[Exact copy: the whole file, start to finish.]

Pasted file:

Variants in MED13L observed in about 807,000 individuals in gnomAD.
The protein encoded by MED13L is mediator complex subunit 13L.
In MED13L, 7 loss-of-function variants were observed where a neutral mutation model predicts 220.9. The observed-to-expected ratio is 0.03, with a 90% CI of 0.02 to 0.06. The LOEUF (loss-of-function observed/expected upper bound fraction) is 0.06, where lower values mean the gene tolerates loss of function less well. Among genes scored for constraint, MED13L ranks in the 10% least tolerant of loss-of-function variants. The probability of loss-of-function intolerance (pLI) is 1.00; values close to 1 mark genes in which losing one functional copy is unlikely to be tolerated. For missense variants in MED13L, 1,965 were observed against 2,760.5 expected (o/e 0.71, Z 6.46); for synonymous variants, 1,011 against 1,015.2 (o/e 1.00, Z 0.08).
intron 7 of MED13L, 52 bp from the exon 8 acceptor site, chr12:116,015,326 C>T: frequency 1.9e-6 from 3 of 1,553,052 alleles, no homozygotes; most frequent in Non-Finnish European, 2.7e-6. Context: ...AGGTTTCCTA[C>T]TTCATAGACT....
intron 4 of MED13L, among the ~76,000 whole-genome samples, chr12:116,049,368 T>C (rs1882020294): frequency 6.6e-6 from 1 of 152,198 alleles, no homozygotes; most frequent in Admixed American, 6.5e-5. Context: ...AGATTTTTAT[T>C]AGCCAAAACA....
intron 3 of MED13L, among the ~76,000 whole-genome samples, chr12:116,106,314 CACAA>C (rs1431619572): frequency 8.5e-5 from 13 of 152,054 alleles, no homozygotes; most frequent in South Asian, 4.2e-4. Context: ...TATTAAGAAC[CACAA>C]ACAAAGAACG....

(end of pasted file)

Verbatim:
Variants in MED13L observed in about 807,000 individuals in gnomAD.
The protein encoded by MED13L is mediator complex subunit 13L.
In MED13L, 7 loss-of-function variants were observed where a neutral mutation model predicts 220.9. The observed-to-expected ratio is 0.03, with a 90% CI of 0.02 to 0.06. The LOEUF (loss-of-function observed/expected upper bound fraction) is 0.06, where lower values mean the gene tolerates loss of function less well. Among genes scored for constraint, MED13L ranks in the 10% least tolerant of loss-of-function variants. The probability of loss-of-function intolerance (pLI) is 1.00; values close to 1 mark genes in which losing one functional copy is unlikely to be tolerated. For missense variants in MED13L, 1,965 were observed against 2,760.5 expected (o/e 0.71, Z 6.46); for synonymous variants, 1,011 against 1,015.2 (o/e 1.00, Z 0.08).
intron 7 of MED13L, 52 bp from the exon 8 acceptor site, chr12:116,015,326 C>T: frequency 1.9e-6 from 3 of 1,553,052 alleles, no homozygotes; most frequent in Non-Finnish European, 2.7e-6. Context: ...AGGTTTCCTA[C>T]TTCATAGACT....
intron 4 of MED13L, among the ~76,000 whole-genome samples, chr12:116,049,368 T>C (rs1882020294): frequency 6.6e-6 from 1 of 152,198 alleles, no homozygotes; most frequent in Admixed American, 6.5e-5. Context: ...AGATTTTTAT[T>C]AGCCAAAACA....
intron 3 of MED13L, among the ~76,000 whole-genome samples, chr12:116,106,314 CACAA>C (rs1431619572): frequency 8.5e-5 from 13 of 152,054 alleles, no homozygotes; most frequent in South Asian, 4.2e-4. Context: ...TATTAAGAAC[CACAA>C]ACAAAGAACG....